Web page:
Tamra the Island (“Tamra”) is the proverbial needle in my great period drama expedition of 2009. It’s also permanently secured a place in my list of top-ten period dramas. In writing this review, I’m actually dismayed that I may have placed it too low on my list. My affection for this drama grows fonder even as I place some distance between us to pick it apart, analyze, and scrutinize it. Tamra made my heart swell and my imagination take flight.
There is no one famous in this drama and it looks kinda dorky – are you sure it’s even good?:
Take a dash of It Started with a Kiss, a pinch of Pride & Prejudice, three shakes from Pocahontas, a splash of The Little Mermaid, then go ahead and mixed all the good parts with an extract of distilled heart, soul, and loving care. The end result is a drama that is unique, refreshing, and utterly beautiful to watch. You won’t mind some recycled tropes, the silliness of the initial poop jokes (not kidding!), or the overall simplicity of the story.
What is striking is not that you’ve seen bits and pieces of all this before, but that you don’t remember when you’ve ever seen this very picture. Say you’ve seen a hundred pastoral watercolors, and when you lay your eyes on your first Monet, suddenly the oft-used pastoral setting looks like nothing you’ve seen before. Tamra takes oft-used elements of effective storytelling, combines them in a charming way, and creates an enjoyable and fresh drama – the coming-of-age fairytale set in period times.
Tamra took over a year to film, including the scenes on Jeju Island (the modern name for Tamra). All filming was completed prior to its airing. If Tamra suffered from anything (which it certainly does), it didn’t suffer from the write, film, and ad-lib-as-you-go last minute production schedule of many K-dramas. The drama looks, feels, and flows with smoothness and finesse.
The drama is based on a manhwa written and illustrated by Jung Hye Na. The author’s bright, sparkling style and comic-book vision has been lovingly adapted to the screen by Group Eight, the production company (which produced such notable dramas as Goong and Boys Before Flowers). Watching Tamra, first you’re struck by the delicate charm of its source material. Then you are hit by the familiar strains of K-drama emotional build-up. Before you know it, you’ve been carried away into an enchanting world, and the drama has coalesced into a delightful blend of the amazing.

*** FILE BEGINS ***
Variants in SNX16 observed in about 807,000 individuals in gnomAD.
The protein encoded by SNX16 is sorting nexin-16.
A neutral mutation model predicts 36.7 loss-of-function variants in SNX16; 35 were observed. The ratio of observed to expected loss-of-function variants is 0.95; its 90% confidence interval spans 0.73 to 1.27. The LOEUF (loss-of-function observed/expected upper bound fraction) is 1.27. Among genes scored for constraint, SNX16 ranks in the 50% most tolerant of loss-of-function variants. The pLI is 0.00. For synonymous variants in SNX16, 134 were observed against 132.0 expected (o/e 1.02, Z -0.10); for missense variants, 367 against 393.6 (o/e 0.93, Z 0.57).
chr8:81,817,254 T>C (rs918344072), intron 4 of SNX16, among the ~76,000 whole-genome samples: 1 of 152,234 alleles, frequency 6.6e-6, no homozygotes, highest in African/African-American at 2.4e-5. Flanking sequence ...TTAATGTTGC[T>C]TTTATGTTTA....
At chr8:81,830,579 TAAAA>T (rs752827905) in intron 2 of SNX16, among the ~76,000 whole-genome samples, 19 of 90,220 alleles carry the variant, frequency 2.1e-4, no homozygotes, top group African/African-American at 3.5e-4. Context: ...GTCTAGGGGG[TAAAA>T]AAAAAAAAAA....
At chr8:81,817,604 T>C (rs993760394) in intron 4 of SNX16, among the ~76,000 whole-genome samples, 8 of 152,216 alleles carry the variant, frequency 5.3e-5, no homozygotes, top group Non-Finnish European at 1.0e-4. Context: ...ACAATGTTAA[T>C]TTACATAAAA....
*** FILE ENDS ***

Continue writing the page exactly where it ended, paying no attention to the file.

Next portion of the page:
Is this the best K-drama ever? No. Is this the best sageuk ever? No. Will this drama bring me tears of joy and smiles of happiness? Yes and yes:
Masterpieces come in all sizes, shapes and colors. I remember reading Victor Hugo’s Les Miserables and being blown away in high school by the sheer scope, breadth and depth of the novel. I foolishly thought: I’ve just read the best novel ever written, nothing can possibly top this. Oh, little koala, speaking in absolutes for one so young, I’m glad you kept your mind open!
Little did I realize at the time that Hugo’s epic was neither the first nor the last great piece of literature or writing. My life has since been enriched by an endless list of short stories, contemporary novels, novellas, essays, etc. Quality may have an objective standard, but a reader’s perception can provide missing pieces. Indeed, great writers and artists create work that inspire their audiences to flights of imagination that transcend the descriptive or illustrative capabilities of mere words, musical notes and pigments.
Tamra is really such an easy-going drama, aiming to tell a story with consideration and sincerity. There is nothing apparently epic about it. When I toss around superlatives to describe Tamra, it’s because the drama touched me like few dramas have done before. Just for the sake of comparison, in Damo, I was moved by how the story was rich in pathos and anguish. In Tamra, I was moved by how the story was rooted in humanism and compassion. I cried both times, but it was tears of sorrow in Damo and tears of joy in Tamra.
The story centers around three young adults who meet each other and go on life journeys, literally and figuratively. By preventing a political conspiracy (the large-scale fantasy element) and figuring out what they want in life (the small-scale personal element), each of them grows into adulthood, learning how to live a meaningful existence. Sounds rather meh, does it? Let me paint Tamra in words for you, and maybe capture but 1/100 of the poetry of this little island.